Verizon Defends Interoperability, Security of Public Safety Network

Verizon Communications, Inc., said today that the broadband service it is offering to first responders will be interoperable with the First Responder Network Authority’s (FirstNet) system, even though its public safety core will not interconnect with the core maintained by AT&T, Inc., FirstNet’s network partner. Verizon also said that its network will be secure.

Verizon announced its plan last month, saying that it would offer priority service and preemption to public safety customers, and that it would build a dedicated public safety core (TR Daily, Aug. 15). “Verizon’s planned dedicated public safety network will complement the proposed FirstNet network and provide a robust communications solution for first responders across the country. It will also ensure they continue to have the right to choose their communications provider and to benefit from the continued innovation that comes from a competitive marketplace,” Michael Maiorana, senior vice president-public sector for Verizon Enterprise Solutions, said in a LinkedIn posting today. “Central to delivering on that promise is providing public safety with communications networks that are interoperable and secure.

“Network interoperability is not a new or particularly difficult concept. Competing networks talk to each other and share vital data effectively and securely every day. Verizon already works with other carriers, including AT&T, to provide interoperable services across networks, with both carriers managing the security of the traffic back and forth,” Mr. Maiorana added. “Our planned public safety network will consist of a dedicated public safety network core operating in parallel to our commercial core – similar to AT&T’s planned FirstNet solution. Under our proposed solution, our core and AT&T’s core would not connect. Instead, both companies would provide transport services that deliver traffic to FirstNet’s data centers via IP backhaul. In addition to everyday voice and data services, first responders would also have access to FirstNet applications on both networks, as well as a second network to fall back on. Having two networks will provide unrivalled nationwide coverage, redundancy and reliability.”

FirstNet, AT&T, and others have raised concerns about interoperability and security issues with Verizon’s offering.

“Verizon provides a secure 4G LTE solution today to millions of public sector users nationwide – police officers, firefighters, EMTs and others have transmitted information safely and securely over our network for years. Our planned public safety network solution will provide that same level of security. Enabling access through two different dedicated public safety cores will in no way degrade the security of the solution,” Mr. Maiorana said.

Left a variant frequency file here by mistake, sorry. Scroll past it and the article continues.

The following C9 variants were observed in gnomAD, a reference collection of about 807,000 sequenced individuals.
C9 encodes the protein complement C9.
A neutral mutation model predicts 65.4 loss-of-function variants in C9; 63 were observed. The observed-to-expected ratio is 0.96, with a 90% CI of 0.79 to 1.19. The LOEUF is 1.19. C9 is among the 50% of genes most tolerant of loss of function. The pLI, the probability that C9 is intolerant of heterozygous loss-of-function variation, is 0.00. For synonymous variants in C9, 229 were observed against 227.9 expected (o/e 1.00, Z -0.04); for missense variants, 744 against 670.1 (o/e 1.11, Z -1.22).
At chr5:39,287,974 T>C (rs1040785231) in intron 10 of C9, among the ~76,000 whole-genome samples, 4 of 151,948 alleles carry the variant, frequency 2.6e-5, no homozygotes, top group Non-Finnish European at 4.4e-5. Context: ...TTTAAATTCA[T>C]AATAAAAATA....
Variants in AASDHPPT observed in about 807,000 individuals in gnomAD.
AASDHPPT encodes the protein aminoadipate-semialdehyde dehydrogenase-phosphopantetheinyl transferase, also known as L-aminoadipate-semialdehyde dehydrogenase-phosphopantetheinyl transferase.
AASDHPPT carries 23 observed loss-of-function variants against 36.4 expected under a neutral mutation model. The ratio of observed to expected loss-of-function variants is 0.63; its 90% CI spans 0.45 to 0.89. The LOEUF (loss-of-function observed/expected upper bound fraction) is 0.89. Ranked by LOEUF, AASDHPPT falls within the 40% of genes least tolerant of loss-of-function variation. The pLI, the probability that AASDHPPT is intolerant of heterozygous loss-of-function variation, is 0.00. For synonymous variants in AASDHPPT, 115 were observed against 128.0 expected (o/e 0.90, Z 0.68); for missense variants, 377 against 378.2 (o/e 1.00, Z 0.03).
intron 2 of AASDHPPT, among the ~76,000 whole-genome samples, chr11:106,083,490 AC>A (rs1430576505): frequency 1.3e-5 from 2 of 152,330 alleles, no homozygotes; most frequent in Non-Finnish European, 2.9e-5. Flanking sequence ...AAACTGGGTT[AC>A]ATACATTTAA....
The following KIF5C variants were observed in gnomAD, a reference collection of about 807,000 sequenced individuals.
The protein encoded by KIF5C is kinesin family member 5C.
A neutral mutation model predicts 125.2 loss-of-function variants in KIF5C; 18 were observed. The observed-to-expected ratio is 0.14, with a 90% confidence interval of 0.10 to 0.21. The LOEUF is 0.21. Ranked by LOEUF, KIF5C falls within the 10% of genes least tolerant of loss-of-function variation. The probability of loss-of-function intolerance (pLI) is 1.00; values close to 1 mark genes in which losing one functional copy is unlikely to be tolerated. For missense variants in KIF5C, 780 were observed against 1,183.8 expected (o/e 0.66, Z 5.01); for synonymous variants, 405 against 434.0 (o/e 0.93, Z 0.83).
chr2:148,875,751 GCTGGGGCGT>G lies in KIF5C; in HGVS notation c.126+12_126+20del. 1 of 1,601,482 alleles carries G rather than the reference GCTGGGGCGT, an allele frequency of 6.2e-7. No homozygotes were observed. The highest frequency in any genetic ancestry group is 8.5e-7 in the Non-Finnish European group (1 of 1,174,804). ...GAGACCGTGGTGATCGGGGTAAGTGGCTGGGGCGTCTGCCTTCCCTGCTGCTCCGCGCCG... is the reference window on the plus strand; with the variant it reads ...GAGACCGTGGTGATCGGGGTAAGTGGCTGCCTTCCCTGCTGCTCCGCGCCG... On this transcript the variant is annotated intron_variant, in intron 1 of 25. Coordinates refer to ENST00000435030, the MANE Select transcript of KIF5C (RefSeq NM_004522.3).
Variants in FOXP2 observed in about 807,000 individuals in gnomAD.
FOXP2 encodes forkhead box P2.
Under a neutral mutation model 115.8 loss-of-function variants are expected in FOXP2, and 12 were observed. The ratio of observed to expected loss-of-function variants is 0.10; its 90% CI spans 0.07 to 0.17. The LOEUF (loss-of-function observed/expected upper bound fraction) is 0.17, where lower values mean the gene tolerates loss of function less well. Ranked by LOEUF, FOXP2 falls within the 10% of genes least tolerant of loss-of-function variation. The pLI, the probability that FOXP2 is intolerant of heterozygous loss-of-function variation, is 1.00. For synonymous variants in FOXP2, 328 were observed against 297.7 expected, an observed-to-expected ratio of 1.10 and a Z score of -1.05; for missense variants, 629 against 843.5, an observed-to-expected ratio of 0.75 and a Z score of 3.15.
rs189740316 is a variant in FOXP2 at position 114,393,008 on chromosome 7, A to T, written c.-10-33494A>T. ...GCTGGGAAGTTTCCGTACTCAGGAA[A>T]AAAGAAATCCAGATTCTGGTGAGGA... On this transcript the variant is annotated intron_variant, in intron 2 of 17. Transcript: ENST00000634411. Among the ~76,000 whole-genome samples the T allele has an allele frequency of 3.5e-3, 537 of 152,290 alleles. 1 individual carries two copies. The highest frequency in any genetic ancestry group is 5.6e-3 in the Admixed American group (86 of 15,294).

“Providing multiple transport options at the application level – voice, video and PTT services, data applications, etc. – also does not inherently introduce security issues,” he said. “Internet companies like Google, Facebook and Amazon provide seamless customer experiences regardless of broadband access type or provider. We will do the same. Networks working together to transmit voice calls and data is nothing new. Nor is building in multiple levels of security processes. Supporting public safety and providing reliable communications is critical to the safety of our communities.”

FirstNet and AT&T have said that only FirstNet system subscribers will have access to the FirstNet apps store that AT&T will run, and FirstNet has opposed suggestions that states that opt out should be able to build cores that can connect to the FirstNet core.

In response to a question about how Verizon public safety subscribers would have access to the FirstNet apps store, Verizon spokesman John O’Malley told TR Daily, “An open and interoperable applications environment for FirstNet should be agnostic with regard to application developer or network provider in order to ensure that the best apps are available to all public safety users. We assume that is a goal that FirstNet and the public safety community share.” He was also asked if Verizon was backtracking in saying that it would not need for its core to connect to FirstNet’s core to achieve interoperability.

“Connecting our public safety core to FirstNet’s core was never part of our planned solution,” he replied. “Interoperability doesn’t require the two cores to be directly connected. We seek to interconnect our networks to exchange traffic, but the cores themselves are not connected.”- Paul Kirby,

Courtesy TRDaily